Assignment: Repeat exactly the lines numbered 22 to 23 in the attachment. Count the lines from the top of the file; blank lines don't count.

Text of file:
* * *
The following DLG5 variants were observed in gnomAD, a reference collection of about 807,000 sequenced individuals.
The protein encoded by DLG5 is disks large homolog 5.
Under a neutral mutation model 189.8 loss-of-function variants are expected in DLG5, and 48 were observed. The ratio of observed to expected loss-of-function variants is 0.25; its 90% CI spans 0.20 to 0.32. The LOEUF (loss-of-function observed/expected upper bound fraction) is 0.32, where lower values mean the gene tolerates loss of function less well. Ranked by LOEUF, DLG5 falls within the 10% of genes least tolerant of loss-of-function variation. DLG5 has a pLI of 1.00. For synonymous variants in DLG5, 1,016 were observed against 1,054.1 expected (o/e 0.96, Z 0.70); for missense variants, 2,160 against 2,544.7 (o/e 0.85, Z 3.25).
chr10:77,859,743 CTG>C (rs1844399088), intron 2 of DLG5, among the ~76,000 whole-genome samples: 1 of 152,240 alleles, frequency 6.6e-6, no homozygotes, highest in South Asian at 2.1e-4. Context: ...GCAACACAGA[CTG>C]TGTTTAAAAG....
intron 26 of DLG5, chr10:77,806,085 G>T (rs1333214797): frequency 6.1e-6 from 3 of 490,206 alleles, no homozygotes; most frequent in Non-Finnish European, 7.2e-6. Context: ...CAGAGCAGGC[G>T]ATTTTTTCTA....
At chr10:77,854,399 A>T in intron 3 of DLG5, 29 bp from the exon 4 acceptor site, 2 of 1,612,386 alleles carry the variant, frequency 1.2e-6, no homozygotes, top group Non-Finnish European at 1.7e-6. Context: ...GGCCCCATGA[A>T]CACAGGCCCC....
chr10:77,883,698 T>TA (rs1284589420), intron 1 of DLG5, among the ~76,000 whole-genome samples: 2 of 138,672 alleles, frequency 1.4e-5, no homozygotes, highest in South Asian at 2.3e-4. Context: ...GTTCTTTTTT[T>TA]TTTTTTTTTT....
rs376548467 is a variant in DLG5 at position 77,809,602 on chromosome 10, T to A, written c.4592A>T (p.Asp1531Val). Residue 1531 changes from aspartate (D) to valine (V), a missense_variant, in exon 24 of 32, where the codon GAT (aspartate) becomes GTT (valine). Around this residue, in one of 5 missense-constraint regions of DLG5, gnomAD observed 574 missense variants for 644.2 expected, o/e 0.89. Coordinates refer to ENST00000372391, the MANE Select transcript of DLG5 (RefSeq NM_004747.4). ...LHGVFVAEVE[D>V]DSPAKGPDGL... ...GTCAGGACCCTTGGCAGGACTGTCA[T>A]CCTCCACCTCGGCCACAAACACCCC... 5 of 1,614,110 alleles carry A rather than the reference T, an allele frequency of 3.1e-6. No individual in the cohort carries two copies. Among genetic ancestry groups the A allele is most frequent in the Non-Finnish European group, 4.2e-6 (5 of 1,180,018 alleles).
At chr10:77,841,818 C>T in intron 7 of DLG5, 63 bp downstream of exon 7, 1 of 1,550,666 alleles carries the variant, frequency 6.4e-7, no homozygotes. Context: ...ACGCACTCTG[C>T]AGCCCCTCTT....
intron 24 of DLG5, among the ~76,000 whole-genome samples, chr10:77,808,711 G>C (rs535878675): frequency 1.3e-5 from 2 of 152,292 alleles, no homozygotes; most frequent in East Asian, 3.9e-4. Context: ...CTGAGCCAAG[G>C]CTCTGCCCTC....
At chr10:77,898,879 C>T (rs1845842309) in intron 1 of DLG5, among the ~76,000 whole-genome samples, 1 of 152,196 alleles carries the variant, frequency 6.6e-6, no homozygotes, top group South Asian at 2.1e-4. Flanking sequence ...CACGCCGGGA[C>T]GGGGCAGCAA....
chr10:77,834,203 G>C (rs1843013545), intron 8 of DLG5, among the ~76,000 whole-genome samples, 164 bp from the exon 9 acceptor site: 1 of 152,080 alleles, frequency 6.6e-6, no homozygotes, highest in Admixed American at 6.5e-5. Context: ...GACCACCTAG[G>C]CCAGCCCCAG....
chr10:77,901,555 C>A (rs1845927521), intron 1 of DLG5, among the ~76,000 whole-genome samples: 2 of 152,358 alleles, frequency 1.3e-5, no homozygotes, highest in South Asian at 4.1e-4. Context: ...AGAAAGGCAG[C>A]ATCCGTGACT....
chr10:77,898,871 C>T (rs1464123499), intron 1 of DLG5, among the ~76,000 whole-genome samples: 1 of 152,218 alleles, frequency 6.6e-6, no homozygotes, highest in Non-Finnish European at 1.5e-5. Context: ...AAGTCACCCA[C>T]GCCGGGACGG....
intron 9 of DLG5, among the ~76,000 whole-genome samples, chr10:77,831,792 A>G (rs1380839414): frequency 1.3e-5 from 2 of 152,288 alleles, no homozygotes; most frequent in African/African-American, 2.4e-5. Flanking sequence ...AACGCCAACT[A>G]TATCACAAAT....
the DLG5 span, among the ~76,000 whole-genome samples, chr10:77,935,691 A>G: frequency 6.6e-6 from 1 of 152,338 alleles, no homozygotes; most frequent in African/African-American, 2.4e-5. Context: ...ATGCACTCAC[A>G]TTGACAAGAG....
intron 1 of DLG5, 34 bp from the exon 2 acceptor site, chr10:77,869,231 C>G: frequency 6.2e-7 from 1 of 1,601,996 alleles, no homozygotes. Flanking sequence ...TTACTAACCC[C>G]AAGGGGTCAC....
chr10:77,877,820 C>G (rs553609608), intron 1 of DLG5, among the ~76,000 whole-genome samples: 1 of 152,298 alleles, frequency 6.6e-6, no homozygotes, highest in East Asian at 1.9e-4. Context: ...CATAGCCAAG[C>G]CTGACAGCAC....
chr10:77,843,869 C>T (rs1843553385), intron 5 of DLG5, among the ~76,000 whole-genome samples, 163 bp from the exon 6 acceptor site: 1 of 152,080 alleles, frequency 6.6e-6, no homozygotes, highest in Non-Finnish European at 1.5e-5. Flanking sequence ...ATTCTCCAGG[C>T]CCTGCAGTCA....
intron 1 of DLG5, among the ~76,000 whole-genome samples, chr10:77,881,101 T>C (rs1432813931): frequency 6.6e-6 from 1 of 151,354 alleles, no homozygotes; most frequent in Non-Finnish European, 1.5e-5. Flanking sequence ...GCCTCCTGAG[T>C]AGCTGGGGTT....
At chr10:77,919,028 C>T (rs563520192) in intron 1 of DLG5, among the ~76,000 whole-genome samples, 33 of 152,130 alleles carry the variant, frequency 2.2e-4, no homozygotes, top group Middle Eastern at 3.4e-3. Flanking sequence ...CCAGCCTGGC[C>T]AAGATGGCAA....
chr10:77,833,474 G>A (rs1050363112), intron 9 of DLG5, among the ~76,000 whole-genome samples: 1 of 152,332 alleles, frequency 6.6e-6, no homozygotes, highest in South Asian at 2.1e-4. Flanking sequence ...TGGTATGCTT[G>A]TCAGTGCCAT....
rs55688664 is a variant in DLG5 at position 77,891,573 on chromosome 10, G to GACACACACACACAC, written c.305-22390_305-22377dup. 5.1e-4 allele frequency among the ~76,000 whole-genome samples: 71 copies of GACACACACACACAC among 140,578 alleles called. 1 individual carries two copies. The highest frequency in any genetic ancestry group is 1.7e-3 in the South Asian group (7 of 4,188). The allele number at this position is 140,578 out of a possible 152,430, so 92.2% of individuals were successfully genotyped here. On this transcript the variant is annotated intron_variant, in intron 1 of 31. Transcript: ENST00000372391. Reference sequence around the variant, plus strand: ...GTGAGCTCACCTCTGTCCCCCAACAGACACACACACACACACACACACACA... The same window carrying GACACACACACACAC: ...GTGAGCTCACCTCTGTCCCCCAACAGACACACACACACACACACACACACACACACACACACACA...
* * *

chr10:77,833,474 G>A (rs1050363112), intron 9 of DLG5, among the ~76,000 whole-genome samples: 1 of 152,332 alleles, frequency 6.6e-6, no homozygotes, highest in South Asian at 2.1e-4. Flanking sequence ...TGGTATGCTT[G>A]TCAGTGCCAT....
rs55688664 is a variant in DLG5 at position 77,891,573 on chromosome 10, G to GACACACACACACAC, written c.305-22390_305-22377dup. 5.1e-4 allele frequency among the ~76,000 whole-genome samples: 71 copies of GACACACACACACAC among 140,578 alleles called. 1 individual carries two copies. The highest frequency in any genetic ancestry group is 1.7e-3 in the South Asian group (7 of 4,188). The allele number at this position is 140,578 out of a possible 152,430, so 92.2% of individuals were successfully genotyped here. On this transcript the variant is annotated intron_variant, in intron 1 of 31. Transcript: ENST00000372391. Reference sequence around the variant, plus strand: ...GTGAGCTCACCTCTGTCCCCCAACAGACACACACACACACACACACACACA... The same window carrying GACACACACACACAC: ...GTGAGCTCACCTCTGTCCCCCAACAGACACACACACACACACACACACACACACACACACACACA...